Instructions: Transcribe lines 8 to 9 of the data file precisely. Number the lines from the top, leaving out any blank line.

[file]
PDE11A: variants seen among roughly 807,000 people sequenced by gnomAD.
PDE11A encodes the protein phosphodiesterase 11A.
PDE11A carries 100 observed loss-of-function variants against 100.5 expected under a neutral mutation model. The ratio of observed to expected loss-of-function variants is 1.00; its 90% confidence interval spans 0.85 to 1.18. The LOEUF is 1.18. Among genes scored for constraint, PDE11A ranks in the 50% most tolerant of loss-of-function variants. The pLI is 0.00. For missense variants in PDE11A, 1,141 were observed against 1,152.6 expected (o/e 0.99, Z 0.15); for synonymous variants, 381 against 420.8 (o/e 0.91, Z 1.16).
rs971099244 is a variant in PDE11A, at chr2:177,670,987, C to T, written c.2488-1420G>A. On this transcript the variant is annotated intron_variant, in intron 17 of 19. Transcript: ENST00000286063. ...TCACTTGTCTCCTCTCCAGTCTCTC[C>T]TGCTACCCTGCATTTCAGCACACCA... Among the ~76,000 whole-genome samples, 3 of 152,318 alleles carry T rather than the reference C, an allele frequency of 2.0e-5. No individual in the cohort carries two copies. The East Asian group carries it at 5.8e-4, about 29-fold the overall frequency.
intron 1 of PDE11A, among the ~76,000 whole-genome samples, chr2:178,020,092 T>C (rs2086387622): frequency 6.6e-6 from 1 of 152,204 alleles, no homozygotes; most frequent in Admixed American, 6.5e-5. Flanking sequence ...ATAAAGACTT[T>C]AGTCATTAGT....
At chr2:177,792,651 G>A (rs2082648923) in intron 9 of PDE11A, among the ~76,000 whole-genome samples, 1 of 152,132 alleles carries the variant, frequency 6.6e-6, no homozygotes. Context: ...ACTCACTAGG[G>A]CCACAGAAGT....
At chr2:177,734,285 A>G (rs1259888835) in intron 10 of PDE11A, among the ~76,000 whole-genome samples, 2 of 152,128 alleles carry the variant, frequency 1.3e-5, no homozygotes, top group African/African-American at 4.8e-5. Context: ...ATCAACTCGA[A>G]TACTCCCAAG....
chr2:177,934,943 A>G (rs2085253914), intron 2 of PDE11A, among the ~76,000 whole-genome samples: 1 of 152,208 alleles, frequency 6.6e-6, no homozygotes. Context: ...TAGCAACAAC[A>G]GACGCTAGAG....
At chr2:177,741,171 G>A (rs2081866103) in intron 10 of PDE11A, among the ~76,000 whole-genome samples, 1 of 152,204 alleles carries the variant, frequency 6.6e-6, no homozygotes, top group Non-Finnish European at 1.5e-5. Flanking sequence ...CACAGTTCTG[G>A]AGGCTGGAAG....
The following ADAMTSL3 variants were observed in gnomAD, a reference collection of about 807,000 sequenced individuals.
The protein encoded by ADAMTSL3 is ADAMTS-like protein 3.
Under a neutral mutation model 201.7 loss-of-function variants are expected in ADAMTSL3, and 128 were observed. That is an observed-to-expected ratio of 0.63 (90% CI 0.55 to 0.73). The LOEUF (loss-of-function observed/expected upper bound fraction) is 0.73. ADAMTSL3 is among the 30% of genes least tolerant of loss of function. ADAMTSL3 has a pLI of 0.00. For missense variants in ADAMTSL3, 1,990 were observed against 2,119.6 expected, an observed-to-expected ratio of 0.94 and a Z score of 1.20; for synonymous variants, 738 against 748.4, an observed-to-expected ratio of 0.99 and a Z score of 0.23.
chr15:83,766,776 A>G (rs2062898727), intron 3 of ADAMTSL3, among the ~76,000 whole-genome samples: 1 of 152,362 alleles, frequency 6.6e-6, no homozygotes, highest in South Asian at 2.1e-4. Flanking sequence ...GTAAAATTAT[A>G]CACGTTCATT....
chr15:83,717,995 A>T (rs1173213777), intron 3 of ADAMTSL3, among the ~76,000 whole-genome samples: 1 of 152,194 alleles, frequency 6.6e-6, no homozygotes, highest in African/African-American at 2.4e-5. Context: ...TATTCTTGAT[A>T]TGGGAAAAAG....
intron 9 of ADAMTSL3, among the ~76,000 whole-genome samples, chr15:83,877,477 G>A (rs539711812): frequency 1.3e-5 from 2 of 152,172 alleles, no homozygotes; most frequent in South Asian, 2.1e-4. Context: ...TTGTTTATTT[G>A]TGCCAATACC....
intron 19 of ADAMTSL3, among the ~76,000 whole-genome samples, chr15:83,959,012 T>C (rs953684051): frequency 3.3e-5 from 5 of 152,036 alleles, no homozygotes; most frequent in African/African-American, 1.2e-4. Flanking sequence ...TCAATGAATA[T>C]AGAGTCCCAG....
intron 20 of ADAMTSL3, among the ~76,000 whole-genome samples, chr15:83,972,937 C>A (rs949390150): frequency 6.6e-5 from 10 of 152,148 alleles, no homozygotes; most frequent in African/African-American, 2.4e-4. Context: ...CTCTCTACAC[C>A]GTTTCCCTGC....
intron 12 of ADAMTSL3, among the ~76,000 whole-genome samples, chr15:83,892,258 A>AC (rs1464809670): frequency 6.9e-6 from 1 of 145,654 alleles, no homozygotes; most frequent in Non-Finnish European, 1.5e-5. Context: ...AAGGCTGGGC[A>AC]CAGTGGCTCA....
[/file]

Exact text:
chr2:177,934,943 A>G (rs2085253914), intron 2 of PDE11A, among the ~76,000 whole-genome samples: 1 of 152,208 alleles, frequency 6.6e-6, no homozygotes. Context: ...TAGCAACAAC[A>G]GACGCTAGAG....
At chr2:177,741,171 G>A (rs2081866103) in intron 10 of PDE11A, among the ~76,000 whole-genome samples, 1 of 152,204 alleles carries the variant, frequency 6.6e-6, no homozygotes, top group Non-Finnish European at 1.5e-5. Flanking sequence ...CACAGTTCTG[G>A]AGGCTGGAAG....